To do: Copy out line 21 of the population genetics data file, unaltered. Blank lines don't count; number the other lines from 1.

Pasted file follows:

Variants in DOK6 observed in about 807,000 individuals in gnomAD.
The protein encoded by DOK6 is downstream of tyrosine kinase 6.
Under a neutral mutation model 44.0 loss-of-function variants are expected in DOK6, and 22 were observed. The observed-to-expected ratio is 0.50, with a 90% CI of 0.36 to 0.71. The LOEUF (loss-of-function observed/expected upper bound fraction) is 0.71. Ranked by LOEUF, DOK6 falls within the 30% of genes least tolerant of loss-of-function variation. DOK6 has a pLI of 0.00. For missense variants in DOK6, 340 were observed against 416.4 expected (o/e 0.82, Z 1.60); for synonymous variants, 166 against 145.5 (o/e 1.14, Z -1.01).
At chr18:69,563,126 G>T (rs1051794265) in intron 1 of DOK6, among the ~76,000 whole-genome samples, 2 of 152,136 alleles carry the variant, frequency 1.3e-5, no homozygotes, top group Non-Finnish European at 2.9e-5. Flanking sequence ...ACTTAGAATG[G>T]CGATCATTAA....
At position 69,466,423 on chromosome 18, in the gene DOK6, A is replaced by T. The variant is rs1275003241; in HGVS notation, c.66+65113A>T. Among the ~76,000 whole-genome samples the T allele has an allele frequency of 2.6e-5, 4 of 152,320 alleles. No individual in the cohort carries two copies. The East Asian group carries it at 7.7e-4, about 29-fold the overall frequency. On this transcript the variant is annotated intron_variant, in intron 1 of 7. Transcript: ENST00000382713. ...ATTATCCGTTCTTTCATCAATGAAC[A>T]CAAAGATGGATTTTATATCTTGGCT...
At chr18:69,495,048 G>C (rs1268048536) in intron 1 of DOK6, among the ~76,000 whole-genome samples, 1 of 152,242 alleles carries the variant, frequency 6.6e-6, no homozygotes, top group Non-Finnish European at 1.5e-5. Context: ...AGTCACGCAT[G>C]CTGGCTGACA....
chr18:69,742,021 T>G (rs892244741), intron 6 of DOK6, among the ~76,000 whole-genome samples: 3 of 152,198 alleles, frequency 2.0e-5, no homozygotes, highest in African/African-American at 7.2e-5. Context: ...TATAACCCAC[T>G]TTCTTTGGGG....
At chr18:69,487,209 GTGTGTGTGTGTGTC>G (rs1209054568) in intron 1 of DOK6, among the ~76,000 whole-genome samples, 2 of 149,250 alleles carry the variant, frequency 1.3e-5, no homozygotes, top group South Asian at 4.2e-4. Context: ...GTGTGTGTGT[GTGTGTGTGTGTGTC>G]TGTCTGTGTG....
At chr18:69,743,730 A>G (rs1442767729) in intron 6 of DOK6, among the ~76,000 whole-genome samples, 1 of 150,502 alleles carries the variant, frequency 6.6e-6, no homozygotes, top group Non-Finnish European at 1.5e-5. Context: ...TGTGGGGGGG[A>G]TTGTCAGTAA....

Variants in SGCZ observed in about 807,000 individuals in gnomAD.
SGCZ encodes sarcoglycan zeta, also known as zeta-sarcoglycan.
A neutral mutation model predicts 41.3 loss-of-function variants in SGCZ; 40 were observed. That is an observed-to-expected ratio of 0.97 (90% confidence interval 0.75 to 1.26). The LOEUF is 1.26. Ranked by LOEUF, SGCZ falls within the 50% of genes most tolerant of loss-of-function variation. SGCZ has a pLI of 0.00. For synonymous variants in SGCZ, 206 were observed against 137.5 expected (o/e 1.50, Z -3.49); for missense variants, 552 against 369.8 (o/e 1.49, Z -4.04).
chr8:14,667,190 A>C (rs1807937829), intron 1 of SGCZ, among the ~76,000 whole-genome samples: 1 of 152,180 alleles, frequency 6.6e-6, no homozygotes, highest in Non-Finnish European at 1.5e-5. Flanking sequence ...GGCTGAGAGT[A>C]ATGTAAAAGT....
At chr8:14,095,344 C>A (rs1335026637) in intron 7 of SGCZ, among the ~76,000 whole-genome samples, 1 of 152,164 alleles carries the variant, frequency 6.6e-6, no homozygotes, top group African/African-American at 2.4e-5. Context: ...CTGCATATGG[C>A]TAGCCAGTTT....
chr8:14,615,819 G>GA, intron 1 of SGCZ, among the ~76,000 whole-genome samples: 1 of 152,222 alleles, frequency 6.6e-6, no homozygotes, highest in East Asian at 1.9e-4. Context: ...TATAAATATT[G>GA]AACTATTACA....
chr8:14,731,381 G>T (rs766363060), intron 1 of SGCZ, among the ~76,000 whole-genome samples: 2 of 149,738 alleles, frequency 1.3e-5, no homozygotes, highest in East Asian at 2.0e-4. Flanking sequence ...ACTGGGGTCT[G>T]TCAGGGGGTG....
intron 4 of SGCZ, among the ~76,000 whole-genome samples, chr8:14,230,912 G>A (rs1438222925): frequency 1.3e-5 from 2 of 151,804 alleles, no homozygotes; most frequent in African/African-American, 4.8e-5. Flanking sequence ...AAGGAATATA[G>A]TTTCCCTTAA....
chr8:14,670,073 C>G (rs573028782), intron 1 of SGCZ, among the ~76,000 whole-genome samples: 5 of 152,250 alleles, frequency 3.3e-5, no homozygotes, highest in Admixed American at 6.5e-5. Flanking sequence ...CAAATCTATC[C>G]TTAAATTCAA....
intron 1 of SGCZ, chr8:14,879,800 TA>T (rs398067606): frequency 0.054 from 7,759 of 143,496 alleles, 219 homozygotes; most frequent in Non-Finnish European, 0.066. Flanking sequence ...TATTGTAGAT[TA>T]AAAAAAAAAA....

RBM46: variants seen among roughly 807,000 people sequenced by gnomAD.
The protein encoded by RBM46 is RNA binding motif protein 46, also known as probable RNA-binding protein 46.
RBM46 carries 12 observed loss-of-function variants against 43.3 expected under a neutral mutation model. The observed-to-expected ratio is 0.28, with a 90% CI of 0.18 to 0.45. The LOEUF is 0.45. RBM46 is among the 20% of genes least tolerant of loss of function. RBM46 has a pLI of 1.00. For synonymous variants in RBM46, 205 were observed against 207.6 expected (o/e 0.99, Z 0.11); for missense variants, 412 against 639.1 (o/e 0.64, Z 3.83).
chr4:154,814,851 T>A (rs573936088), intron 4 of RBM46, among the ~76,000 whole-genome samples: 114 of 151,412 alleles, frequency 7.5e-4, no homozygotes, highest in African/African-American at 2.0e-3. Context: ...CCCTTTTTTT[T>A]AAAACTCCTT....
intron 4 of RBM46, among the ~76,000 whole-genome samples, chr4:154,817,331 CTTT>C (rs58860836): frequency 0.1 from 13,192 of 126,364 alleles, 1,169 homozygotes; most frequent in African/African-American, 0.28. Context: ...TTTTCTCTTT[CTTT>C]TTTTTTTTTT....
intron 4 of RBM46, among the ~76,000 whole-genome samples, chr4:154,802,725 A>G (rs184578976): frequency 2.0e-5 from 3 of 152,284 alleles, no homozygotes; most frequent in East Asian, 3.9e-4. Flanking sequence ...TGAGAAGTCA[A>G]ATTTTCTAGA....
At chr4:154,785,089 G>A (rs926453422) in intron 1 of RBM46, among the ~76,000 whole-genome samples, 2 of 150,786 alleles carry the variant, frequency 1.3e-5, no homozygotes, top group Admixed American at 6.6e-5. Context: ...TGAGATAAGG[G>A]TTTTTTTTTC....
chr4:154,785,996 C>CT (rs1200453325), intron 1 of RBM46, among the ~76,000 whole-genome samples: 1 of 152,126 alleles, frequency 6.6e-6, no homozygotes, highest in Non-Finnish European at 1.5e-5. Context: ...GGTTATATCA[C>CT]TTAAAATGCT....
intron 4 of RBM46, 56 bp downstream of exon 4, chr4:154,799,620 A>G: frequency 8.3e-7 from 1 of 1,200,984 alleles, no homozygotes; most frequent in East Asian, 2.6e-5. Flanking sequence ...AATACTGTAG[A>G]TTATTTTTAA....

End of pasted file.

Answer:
The protein encoded by RBM46 is RNA binding motif protein 46, also known as probable RNA-binding protein 46.